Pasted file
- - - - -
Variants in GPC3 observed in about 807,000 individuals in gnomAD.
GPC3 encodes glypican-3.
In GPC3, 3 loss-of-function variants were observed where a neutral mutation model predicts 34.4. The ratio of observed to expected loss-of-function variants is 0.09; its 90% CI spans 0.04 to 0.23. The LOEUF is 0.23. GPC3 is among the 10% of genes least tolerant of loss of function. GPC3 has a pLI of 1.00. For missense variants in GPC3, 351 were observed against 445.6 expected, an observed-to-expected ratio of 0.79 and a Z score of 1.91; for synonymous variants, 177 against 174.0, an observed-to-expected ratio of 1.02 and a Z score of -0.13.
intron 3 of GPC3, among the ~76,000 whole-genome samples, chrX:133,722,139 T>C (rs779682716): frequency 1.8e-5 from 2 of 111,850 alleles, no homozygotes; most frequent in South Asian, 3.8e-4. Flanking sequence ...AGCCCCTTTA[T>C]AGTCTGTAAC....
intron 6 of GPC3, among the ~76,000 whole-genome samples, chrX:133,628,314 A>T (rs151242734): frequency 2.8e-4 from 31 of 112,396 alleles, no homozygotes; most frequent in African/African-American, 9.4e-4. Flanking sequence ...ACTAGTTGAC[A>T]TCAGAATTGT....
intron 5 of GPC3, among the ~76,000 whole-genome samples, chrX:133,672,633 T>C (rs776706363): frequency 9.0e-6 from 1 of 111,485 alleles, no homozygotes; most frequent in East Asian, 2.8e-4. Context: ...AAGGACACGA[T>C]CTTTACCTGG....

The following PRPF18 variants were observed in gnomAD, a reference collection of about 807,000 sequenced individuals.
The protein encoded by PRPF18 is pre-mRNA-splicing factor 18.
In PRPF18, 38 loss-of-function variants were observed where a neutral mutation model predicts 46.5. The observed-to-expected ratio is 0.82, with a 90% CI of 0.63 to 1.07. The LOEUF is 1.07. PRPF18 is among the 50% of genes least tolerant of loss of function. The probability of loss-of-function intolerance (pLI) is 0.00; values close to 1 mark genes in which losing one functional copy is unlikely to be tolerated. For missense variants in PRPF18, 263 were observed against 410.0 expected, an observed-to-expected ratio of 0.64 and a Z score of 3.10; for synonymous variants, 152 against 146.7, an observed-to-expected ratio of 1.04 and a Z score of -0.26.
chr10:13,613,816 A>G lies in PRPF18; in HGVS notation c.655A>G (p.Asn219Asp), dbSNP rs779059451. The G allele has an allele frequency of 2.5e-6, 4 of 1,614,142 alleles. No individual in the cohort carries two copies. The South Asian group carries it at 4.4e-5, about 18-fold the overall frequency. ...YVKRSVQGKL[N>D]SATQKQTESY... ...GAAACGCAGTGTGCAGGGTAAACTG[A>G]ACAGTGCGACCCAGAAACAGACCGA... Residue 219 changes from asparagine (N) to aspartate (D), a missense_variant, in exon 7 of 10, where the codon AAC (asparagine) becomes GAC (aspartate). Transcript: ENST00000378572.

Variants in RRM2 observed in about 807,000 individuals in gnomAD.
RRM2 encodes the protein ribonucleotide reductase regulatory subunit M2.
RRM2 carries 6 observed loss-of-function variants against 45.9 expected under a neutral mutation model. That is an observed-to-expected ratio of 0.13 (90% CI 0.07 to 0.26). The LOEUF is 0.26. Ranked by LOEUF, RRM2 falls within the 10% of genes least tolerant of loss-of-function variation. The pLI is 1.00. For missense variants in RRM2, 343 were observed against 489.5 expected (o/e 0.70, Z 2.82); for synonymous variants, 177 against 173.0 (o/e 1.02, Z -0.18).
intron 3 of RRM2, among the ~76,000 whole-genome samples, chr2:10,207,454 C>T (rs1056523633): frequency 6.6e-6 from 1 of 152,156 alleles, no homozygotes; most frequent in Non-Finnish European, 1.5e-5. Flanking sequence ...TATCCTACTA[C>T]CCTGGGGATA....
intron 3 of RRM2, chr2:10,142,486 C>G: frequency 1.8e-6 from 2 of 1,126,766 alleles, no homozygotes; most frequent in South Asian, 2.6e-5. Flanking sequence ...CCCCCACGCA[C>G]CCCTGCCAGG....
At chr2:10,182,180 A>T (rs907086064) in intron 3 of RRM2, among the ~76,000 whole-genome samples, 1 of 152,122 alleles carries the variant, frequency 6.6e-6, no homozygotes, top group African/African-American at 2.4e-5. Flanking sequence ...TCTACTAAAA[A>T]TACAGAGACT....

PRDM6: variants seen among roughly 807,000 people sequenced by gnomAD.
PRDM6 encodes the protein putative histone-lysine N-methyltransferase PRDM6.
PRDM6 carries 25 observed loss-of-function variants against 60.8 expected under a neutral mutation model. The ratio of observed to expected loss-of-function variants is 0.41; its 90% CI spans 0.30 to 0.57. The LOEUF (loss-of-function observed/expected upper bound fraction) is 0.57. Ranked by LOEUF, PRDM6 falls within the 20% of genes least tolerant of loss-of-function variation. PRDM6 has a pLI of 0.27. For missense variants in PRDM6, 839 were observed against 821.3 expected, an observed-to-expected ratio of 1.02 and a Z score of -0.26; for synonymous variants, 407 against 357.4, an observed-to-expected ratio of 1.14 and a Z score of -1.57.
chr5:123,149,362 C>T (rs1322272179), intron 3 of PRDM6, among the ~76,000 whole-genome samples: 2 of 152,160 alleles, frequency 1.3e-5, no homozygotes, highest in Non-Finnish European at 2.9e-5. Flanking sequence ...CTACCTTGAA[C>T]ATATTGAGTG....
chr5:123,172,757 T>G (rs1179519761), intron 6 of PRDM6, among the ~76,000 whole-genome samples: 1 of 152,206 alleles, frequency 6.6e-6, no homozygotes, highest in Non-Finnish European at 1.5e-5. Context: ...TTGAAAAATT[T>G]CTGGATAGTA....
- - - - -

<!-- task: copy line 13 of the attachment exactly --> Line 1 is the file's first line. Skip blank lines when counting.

RRM2 carries 6 observed loss-of-function variants against 45.9 expected under a neutral mutation model. That is an observed-to-expected ratio of 0.13 (90% CI 0.07 to 0.26). The LOEUF is 0.26. Ranked by LOEUF, RRM2 falls within the 10% of genes least tolerant of loss-of-function variation. The pLI is 1.00. For missense variants in RRM2, 343 were observed against 489.5 expected (o/e 0.70, Z 2.82); for synonymous variants, 177 against 173.0 (o/e 1.02, Z -0.18).